The day after I published this post in 2007, I published a podcast feed for the NPR radio show This American Life, which used the Google Cache method to build an RSS feed for the popular radio show (TAL only provides the most recent couple shows available to the public for free via a podcast, rather than older shows).
Soon after, I took that podcast feed down after I was directly contacted by someone working for the radio show.
Fast forward five years, and Craigslist is now suing a company called 3Taps for using a method which appears to be surprisingly similar to the technique I described in 2007.
As in 2007, the legal issues surrounding this technique are unclear at best. Eric DeMenthon, the founder of PadMapper, a company using 3Taps data which was also sued by Craigslist told Ars Technica that "Since I'm not actually re-posting the content of the listings, just the facts about the listings, I figured (with legal advice) that there was no real copyright issue there."
Perhaps the courts will finally resolve this interesting legal question.
Check out the RSS/XML cache fetcher here.
Many popular websites now provide RSS/XML feeds for all kinds of data relating to their website. Digg headlines, CNN news, Craigslist for sale items, and millions of blogs.
What happens when you want to build on that data in a way that the website owner didn't plan for, and probably won't approve of?
Since they're providing an RSS feed to the general public, it's unlikely that they can stop you from downloading it. Depending on how you are using the data, they may or may not be able to use copyright law against you. However, they may be able to claim that you're hammering their servers , and thus taking up their resources. In such a situation, normally, if they tell you to stop and you continue, you could be in trouble. This comes under a claim of trespass to chattel - an arcane area of the law that has been used by companies such as Ebay and American Airlines to stop people from scraping their website.
Google has a very popular online RSS reader service, unsurprisingly named Google Reader. Instead of requesting any given website's RSS feed every time one of their millions of users wishes to view this feed in their browser, Google instead serves the user a cached copy. Google's feed crawler ("Feedfetcher") software retrieves feeds from most sites less than once every hour. Some frequently updated sites may be refreshed more often.
The benefits to website owners is clear: Instead of getting hit once every hour by hundreds of thousands of people, they get visited maybe once every hour by Google's software, who then deal with the bandwidth issues involved in getting that data to customers.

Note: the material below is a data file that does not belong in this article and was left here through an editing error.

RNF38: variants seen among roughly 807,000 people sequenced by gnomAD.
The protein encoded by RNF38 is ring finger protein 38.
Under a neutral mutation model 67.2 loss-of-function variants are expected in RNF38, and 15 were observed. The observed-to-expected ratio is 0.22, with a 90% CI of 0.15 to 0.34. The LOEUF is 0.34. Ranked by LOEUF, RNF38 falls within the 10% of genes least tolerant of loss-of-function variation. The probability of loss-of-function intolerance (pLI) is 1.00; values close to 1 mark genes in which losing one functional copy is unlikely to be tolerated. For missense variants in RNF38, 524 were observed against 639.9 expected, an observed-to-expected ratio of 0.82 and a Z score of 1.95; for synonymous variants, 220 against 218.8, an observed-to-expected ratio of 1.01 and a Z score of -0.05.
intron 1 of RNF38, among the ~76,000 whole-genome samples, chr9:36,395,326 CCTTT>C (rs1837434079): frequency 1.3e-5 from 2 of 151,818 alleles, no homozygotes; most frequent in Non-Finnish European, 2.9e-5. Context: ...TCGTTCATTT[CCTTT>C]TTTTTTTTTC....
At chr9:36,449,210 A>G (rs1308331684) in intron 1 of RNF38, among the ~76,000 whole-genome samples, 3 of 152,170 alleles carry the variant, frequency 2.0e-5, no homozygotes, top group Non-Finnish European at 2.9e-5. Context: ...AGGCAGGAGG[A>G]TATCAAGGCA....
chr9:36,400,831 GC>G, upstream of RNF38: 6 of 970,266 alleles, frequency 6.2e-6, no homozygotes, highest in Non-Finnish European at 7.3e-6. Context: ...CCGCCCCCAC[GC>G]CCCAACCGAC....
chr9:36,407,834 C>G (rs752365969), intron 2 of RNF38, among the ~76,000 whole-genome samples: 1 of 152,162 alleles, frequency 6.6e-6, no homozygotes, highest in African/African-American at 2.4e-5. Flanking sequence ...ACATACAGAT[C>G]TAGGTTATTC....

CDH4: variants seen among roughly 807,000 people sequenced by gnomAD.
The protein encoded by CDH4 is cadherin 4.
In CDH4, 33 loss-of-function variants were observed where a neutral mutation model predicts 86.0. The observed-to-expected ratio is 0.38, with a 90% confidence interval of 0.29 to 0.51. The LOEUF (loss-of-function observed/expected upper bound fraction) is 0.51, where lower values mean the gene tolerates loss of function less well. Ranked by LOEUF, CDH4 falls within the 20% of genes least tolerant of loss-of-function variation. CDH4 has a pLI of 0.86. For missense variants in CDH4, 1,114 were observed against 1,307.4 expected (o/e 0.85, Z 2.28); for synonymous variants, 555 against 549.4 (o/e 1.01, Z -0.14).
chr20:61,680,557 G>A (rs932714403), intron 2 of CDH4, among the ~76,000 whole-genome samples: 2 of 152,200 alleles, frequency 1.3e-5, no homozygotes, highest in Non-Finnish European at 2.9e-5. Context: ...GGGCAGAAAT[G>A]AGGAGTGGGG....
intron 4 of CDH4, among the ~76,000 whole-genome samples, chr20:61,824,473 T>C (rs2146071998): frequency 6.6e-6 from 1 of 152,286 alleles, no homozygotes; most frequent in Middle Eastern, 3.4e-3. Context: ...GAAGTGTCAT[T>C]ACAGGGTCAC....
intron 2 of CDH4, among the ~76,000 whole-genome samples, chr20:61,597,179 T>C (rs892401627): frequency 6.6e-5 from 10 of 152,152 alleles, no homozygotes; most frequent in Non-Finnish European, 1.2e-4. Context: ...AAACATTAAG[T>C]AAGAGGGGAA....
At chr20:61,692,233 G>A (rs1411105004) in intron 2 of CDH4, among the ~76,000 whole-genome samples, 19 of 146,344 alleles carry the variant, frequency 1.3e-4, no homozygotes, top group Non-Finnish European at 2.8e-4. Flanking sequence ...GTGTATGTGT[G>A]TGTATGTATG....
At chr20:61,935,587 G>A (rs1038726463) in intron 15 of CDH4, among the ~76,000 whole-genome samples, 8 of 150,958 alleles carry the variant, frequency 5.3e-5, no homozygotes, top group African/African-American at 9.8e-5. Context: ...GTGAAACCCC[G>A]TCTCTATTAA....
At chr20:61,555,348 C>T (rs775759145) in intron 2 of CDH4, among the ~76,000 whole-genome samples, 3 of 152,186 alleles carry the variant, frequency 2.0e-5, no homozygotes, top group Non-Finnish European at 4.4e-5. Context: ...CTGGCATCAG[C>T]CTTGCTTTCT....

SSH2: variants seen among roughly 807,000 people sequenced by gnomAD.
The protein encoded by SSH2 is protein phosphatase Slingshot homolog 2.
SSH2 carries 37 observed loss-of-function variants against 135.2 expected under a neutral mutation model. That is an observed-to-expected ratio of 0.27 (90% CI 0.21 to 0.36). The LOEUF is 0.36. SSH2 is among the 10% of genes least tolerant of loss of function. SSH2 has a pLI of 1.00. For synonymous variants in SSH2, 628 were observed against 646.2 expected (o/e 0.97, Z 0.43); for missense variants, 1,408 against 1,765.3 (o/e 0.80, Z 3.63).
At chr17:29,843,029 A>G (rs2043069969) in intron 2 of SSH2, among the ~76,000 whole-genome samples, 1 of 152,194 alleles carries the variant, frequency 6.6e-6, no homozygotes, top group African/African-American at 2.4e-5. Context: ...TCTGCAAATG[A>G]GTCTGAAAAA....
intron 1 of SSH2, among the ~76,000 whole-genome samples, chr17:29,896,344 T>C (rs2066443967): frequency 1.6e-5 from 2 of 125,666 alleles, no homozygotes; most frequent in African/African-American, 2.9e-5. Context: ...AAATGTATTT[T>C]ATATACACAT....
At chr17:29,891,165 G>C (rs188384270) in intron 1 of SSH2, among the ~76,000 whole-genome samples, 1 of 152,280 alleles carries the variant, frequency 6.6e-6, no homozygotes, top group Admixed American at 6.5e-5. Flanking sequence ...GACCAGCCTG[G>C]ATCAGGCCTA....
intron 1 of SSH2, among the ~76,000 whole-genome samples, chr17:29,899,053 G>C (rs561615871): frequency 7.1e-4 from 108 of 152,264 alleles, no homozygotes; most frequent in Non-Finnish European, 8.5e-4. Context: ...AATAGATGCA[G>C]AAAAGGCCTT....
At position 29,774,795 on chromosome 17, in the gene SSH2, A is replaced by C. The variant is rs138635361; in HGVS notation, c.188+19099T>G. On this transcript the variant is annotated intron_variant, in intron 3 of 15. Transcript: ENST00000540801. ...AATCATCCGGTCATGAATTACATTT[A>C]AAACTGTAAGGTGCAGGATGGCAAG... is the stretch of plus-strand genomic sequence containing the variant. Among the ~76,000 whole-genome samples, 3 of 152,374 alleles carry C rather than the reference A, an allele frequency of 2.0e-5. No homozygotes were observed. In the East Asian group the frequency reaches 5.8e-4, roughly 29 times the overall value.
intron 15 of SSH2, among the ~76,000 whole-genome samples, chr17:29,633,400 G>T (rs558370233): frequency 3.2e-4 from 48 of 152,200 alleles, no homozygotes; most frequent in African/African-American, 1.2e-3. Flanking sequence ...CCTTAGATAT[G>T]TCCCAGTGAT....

Google is even nice enough to modify the user agent string that the feed crawler sends to webservers, to tell website owners exactly how many people have subscribed to the feed.
If you are logged into a Google service (such as Gmail), you can view Google's cached copy of any RSS feed by going to: http://www.google.com/reader/atom/feed/the_feed_you_want
For example, the This American Life podcast feed can be seen by going to: http://www.google.com/reader/atom/feed/http://feeds.thisamericanlife.org/talpodcast
Unfortunately, this cannot be automated with a script - as it requires that you login to a Google Account first. While this can be automated somewhat using the Google provided ClientLogin/AuthSub mechanisms, it would still mean that you'd be scraping the query results. ClientLogin (I believe) also requires that you solve a CAPTCHA, which isn't going to work for a ruby script running on a remote server. Google's terms of service forbid users from automating and scraping data returned from Google queries. If you want to get data from Google with a script, you need to use one of their APIs.
Niall Kennedy reverse engineered the API a bit, and figured out how to get a JSON encoded version of a cached RSS feed from Google's servers. When Niall first started looking into the guts of the Reader and its APIs late last year, members of the Google Reader development team left comments on his blog commending him on his reverse engineering, and provided key bits of information. Thus, while the release of this information isn't 100% sanctioned by Google, its fair to assume that Google is aware it is out there. Most importantly, this method uses the API (and requires an API key that you can request from Google) - which means that in using it, I'm safer and more legit.
Thus, I whipped up a ruby script that will parse the JSON output from Google, and give you a real RSS feed. A live demo, and source code of the RSS/XML cache fetcher can be downloaded here.
Why is this useful? It means that you can scrape someone's RSS/XML feed without ever going to their website. While I'm no lawyer (and this is certainly not legal advice) - I'd imagine that it'd be fairly difficult for anyone to attempt a trespass to chattel claim, since they'll be unable to prove any harm, or consumption of resources.
Google has millions of customers. It's quite likely that their bot is already crawling most popular RSS feeds. Thus, it's very very unlikely that by pulling up a copy of the feed, that you'll cause Google to go and fetch a new copy.
Many websites already provide different (unpassword protected) data to Google than they do to anyone else visting their site. It may be possible, by using Google's RSS cache, to take advantage of this architecture flaw/design decision, and access data that one wouldn't normally be able to get.
Finally, since you won't be hitting anyone's webservers, there is no link (at least in their weblogs) between you and them. They have no way of knowing how often you're accessing their feed. You're hidden amongst the millions of Google users.